Tuesday, November 17, 2009

Putting Together the Nursery

Putting together the nursery for Keats has been an absolute joy. Everyday I am on the hunt for the perfect little touches and one by one, little by little, they are bought, made, planned on graph paper, hung, built, and rearranged to create my own idea of nursery heaven.

Birch and I started out by painting the new apartment almost immediately after moving in. Birch comes from a family very in tune with allergies and sensitive skin, so my father-in-law's first words of advice were, "Paint now so the fumes dissipate before the baby comes." (I'm paraphrasing, of course.) So, the nursery was the first to be painted. Choosing colors was difficult, mostly because Birch is color blind so getting his opinion on very subtle differences between Lemon Sorbet yellow and Canary yellow was a challenge. We chose Lemon Sorbet (which, of course, led to me also buying some actual lemon sorbet because it sounded really, really good back during those hot days in July).

Then came the graph paper. I measured the room and marked it all down, making sure to take note of the window's width and height as well as it's distance from the floor (no tall bookcases can go there). In fact, no tall bookcases period. With the set-up prepared I thought of themes and talked them over with Birch. We settled on a Carnival theme which really just turned into a Bright Colors and Chaos theme. I mean, that's all that a carnival is, right? Oh, and animals!

Surprisingly, IKEA provided many of the textiles with curtains
and crib bedding adorned with banner flags, drums, and stylized animals galore. I immediately put these IKEA finds on our Amazon Baby Registry using my new favorite thing: the Add to Amazon Wishlist toolbar button. It's amazing, you can go to any site you want, click that button, and save whatever items you wish to one wishlist. When you click on that product from Amazon it takes you to the original site where you can buy the item. Fantastic. Thank you Amazon!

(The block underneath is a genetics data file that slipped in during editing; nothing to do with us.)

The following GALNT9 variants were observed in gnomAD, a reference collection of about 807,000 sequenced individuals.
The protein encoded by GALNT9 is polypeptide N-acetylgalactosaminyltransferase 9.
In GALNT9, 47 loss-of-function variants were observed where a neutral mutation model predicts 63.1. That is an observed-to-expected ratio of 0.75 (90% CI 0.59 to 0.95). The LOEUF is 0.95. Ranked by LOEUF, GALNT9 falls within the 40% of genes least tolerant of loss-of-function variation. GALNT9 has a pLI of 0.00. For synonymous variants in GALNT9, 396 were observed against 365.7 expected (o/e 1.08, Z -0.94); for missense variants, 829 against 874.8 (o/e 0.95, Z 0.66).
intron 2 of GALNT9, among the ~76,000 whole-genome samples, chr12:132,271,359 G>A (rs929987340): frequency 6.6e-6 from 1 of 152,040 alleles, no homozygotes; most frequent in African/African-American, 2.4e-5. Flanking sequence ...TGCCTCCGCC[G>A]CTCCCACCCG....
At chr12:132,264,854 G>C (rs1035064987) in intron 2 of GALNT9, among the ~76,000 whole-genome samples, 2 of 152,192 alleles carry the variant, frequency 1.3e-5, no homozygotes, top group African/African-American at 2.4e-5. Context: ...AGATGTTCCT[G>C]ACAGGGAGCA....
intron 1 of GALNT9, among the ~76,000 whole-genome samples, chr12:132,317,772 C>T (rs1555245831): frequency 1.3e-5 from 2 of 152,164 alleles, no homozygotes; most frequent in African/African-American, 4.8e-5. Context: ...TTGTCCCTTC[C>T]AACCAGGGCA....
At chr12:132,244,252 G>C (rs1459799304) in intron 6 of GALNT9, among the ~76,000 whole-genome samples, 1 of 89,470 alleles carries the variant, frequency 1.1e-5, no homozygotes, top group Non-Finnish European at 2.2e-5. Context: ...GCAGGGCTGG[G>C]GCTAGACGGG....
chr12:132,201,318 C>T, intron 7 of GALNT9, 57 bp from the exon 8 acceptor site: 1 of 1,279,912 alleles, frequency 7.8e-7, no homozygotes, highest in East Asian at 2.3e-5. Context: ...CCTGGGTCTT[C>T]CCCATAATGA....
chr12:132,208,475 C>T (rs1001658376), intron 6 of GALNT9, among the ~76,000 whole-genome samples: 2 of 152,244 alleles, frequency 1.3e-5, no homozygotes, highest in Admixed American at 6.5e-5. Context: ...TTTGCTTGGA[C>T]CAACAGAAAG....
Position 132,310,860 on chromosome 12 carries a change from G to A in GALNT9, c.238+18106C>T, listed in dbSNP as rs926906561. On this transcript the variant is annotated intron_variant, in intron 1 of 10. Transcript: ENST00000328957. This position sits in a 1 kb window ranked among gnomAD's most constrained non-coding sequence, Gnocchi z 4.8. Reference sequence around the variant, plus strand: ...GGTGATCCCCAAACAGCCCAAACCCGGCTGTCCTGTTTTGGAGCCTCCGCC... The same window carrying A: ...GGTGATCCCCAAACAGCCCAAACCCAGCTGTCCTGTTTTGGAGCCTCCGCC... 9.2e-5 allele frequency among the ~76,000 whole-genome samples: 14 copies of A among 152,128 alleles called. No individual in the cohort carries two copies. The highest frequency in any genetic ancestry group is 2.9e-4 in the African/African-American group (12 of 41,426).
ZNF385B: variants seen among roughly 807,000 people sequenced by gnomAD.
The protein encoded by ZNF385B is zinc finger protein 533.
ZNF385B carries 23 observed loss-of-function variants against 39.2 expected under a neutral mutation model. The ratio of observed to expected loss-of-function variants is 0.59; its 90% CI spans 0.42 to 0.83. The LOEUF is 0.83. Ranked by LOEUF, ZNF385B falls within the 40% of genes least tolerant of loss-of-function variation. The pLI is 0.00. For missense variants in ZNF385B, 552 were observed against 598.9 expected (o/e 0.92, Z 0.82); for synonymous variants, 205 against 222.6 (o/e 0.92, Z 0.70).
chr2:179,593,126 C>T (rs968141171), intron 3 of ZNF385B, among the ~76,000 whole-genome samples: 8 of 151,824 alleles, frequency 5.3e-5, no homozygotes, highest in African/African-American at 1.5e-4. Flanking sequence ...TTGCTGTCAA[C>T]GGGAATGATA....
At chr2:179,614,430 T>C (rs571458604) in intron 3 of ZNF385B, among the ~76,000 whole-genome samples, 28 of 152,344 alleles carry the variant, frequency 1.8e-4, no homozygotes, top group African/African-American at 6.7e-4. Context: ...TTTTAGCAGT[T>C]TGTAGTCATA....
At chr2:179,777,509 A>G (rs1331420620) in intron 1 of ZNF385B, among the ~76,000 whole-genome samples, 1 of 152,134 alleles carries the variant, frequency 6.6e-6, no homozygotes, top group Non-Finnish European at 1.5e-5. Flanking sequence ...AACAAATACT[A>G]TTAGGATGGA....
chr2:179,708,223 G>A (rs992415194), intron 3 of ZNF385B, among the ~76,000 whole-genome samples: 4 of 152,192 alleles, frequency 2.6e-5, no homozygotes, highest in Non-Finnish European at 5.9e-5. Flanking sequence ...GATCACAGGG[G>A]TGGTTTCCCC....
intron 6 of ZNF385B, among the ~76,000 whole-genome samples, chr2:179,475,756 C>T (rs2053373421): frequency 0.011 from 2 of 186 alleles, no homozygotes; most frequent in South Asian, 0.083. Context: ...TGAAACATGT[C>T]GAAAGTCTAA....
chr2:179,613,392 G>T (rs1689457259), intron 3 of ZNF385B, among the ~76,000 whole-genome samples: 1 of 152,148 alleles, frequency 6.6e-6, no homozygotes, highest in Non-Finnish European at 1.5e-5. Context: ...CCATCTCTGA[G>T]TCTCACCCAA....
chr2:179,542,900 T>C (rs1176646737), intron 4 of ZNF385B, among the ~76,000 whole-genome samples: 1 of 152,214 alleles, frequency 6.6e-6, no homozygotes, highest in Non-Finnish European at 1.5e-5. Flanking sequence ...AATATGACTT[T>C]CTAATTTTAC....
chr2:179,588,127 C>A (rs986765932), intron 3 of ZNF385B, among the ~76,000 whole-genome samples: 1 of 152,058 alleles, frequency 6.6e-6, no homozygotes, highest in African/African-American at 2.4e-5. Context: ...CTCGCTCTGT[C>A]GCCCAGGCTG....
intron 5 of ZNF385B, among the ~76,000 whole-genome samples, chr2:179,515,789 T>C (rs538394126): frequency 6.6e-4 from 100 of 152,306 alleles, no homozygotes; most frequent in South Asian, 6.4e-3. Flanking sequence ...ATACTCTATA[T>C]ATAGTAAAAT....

As I battled with morning sickness and exhaustion, I put in-bed time to good use with some quality online window shopping. Taking note of the measurements of curtains, bookcases, standard cribs, and changing tables. My boss, Julia, is an organizational wiz and helps people in the area organize their spaces. This was an incredible resource. At the time I was working with her son who is somewhere on the Autism spectrum and when he wanted alone time to check how the Giants were doing, I pilfered Julia's Bookcase of Glory with all kinds of interior design books. My favorite was one in particular (I can't remember the title or author at the moment) that talked about allowing your child to be a part of the design process of their room. It was a really fascinating book with tons of interesting ideas to make a room unique to your child and it's needs. Obviously, Keats isn't even born yet, so he doesn't have much of a say at this point, but it made me think about aspects I'd never thought of before and gave me some really exquisite ideas that both brighten up a room and utilize much needed space (especially in an apartment). First off, I decided to take the doors off of the 10'x2' closet (I know, right?) which extended the room a bit. On one side, I planned a space for a reading nook with a small couch or chaise lounge and on the other side, I planned a space for the changing table. Countertop lighting (also courtesy of IKEA) will be useful here placed under the shelf that extends the whole length of the closet. With 6' tall cubical bookcases placed horizontally instead of vertically, I created more storage space and a much safer environment for Keats to play and roam in. A few sheets of graph paper later, I had the perfect set-up with both baby-accessible and inaccessible storage and plenty of floor space for playing with toys and getting dressed.